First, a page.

Also, multiple small meals are better than one large meal of the day for weight loss. This ensures your pet won’t be extremely hungry at one point, prompting their body to store more fat to compensate for these periods of hunger.

  1. Exercise

Just as important with people, exercise combined with a healthy diet is the best way to ensure weight loss, and continuing to maintain weight after weight loss.  There are lots of activities you can do with your pet to increase their daily exercise.  For example, take longer walks more often. If your pet likes to swim, increase the amount of times they are in the pool.  Take up agility training with your pet or fly ball, etc.

Need more ideas?  Check out these different exercises:

http://www.hillspet.com/weight-management/pet-exercise.html

  1. Feed them in a toy, not a bowl

There is no rule book which says we need to feed our pet in a food bowl.  So why do we do it?  Mainly because of its ease!  But our pets burn no calories with the food bowl method.

Instead, put their daily calories into a Kong, Busy Buddy or a Puzzle ball to stimulate their mind while burning calories.  All of my dog’s food goes in a Kong toy, she has a great time being rewarded for batting the toy around!

There are many other items on the market which can slow down the feeding process, such as games, or stationary objects with holes in the side for cats to use their paws to remove the kibble.

  1. Limit treats

Treats, whether they be people food, or dog treats, all add up to excess calories.  Remember, if your pet gets a treat, you must decrease their caloric intake of their regular meal that day to compensate.  Please, avoid feeding your pet people food, not only is it high in calories, it can cause major health issues such as pancreatitis, vomiting or diarrhea.

Remember:

For a 20lb dog, eating just 1 hot dog is the same as a person consuming 3 entire hamburgers or 2 whole chocolate bars.

Our dogs and cats deserve the best, and being a healthy weight is our gift to them for a long, healthy life.

References:

Hills/AVMA Alliance for Healthier Pets. Obesity Awareness and Prevention Program.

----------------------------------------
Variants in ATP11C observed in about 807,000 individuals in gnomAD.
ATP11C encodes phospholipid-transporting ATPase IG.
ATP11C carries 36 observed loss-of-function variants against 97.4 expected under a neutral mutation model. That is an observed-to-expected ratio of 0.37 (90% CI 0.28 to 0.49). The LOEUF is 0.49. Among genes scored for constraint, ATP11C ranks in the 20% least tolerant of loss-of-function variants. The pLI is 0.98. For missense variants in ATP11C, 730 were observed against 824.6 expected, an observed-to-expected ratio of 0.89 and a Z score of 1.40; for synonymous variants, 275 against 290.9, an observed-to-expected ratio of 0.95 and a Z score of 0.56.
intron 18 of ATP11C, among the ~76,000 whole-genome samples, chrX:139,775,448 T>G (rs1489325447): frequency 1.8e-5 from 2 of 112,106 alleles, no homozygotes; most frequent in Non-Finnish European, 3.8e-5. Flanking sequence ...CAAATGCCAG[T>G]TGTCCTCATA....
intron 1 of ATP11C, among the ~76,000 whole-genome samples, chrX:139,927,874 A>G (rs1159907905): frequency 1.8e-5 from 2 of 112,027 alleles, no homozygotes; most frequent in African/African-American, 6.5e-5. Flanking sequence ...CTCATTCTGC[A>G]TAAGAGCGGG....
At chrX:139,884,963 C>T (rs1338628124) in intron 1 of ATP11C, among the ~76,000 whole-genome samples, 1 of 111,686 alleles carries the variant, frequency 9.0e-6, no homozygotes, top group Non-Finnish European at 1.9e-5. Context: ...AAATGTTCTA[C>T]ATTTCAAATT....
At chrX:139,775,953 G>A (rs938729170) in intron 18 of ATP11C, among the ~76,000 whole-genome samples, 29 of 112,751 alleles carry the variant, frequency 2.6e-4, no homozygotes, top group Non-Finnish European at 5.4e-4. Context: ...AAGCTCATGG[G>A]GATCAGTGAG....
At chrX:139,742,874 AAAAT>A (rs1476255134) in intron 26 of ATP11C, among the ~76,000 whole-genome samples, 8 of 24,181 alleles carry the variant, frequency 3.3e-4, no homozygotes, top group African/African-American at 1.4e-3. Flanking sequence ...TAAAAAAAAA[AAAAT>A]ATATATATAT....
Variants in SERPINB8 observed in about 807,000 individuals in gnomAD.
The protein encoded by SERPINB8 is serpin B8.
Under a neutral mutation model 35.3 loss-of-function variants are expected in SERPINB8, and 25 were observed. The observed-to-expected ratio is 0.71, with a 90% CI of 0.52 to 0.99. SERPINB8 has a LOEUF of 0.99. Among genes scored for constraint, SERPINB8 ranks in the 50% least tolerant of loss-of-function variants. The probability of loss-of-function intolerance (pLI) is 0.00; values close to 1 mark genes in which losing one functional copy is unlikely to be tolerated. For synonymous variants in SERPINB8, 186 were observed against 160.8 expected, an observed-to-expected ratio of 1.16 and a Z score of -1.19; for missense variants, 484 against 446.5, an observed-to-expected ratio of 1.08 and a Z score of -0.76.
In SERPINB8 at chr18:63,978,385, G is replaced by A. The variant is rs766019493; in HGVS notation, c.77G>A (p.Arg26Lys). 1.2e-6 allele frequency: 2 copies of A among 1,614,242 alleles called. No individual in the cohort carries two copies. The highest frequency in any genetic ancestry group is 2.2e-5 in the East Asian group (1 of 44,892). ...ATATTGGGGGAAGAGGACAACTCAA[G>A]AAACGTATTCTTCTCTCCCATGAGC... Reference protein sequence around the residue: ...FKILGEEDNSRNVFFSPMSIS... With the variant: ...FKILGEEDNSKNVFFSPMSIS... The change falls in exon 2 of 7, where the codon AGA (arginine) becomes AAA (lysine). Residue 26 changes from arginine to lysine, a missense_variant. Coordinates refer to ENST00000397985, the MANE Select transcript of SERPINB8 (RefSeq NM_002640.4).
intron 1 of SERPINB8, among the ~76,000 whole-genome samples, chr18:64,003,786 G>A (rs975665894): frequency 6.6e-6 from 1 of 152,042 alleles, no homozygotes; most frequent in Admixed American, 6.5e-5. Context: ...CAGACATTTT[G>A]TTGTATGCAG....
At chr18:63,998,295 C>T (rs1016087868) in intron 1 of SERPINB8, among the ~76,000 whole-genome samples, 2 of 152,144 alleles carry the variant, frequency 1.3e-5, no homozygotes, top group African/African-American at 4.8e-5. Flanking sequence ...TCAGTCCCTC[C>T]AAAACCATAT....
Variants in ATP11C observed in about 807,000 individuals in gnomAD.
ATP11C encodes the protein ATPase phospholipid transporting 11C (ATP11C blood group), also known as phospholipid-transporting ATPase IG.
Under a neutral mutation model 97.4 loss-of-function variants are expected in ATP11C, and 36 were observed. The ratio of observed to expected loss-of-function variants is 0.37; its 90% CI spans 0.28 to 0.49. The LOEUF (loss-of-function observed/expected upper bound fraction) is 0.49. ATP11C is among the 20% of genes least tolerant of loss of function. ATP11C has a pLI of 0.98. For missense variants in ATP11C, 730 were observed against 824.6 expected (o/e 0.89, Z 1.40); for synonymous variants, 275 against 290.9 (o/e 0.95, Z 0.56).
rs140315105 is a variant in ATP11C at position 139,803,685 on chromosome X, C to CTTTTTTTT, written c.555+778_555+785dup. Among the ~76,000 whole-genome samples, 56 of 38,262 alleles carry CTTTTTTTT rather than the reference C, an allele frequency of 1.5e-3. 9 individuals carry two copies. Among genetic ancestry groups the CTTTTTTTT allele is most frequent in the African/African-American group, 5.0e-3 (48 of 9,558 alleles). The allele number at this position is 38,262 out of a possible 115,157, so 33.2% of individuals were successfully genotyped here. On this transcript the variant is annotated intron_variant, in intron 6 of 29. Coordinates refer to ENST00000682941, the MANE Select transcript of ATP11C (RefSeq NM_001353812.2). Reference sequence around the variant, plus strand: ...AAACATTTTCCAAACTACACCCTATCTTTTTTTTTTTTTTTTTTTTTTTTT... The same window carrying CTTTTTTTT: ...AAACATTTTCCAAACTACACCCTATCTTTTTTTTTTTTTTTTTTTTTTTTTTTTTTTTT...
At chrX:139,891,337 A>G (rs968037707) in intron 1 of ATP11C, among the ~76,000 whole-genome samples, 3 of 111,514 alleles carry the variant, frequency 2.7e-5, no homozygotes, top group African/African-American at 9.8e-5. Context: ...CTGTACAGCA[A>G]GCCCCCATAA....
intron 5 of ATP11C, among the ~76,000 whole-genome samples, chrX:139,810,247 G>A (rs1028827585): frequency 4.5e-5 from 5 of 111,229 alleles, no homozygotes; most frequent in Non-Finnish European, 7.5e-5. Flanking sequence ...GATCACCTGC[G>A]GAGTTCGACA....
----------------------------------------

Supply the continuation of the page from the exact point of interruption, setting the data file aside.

“Trim Claws for a Cause” on Sept 27, 2015

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Does your pet need a manicure/pedicure, and you would like to help a great cause?

Join us at South Windsor Animal Hospital on Sunday, September 27th from 2-4pm for our 4th annual “Trim Claws for  Cause“!

In exchange for human canned goods for the Downtown Mission (4 cans per pet nail trim, please), we will be providing nail trims for dogs, cats, and pocket pets.

Additionally, we will have:
– The LeeLee Hats group teaching us how to loom hats to be donated to babies in the local Neonatal ICUs

– Shawn from My Pet’s Butler to answer questions about his pet shuttle/pet sitting/dog walking services

Windsor Firefighters with their fire engine, a great photo opportunity for kids and/or pets!

– A baked good sale and Raffle Prizes, with all proceeds going to the Downtown mission

 

If you can’t make it out that day? We welcome donations of canned goods at the clinic before the event as well for nail trims.  Give us a call for more information.

Can’t wait to see you at this great event, and thank you for all of your support!

Your South Windsor Animal Hospital Family

Heartworm Disease- What is it? Why is it so Important?

By | Disease, Health, Heartworm, Patients, Registered Veterinary Technicians, Staff, Veterinarian | No Comments

Heartworm DiagramThe warm weather is coming soon, its almost starting to feel like spring!  With warm weather comes mosquitoes which can transmit heartworm disease to our dogs (and cats extremely rarely).  Heartworm disease can be a fatal disease, but an easy disease to prevent with the appropriate medication.  Heartworm disease occurs most commonly in areas with prevalent mosquitoes, such as along the Great Lakes and other waterways and coastlines.  Windsor, Ontario is one of the most prominent locations for heartworm disease in Canada due to our warm weather and the surrounding Great Lakes.

How do dogs get Heartworm disease?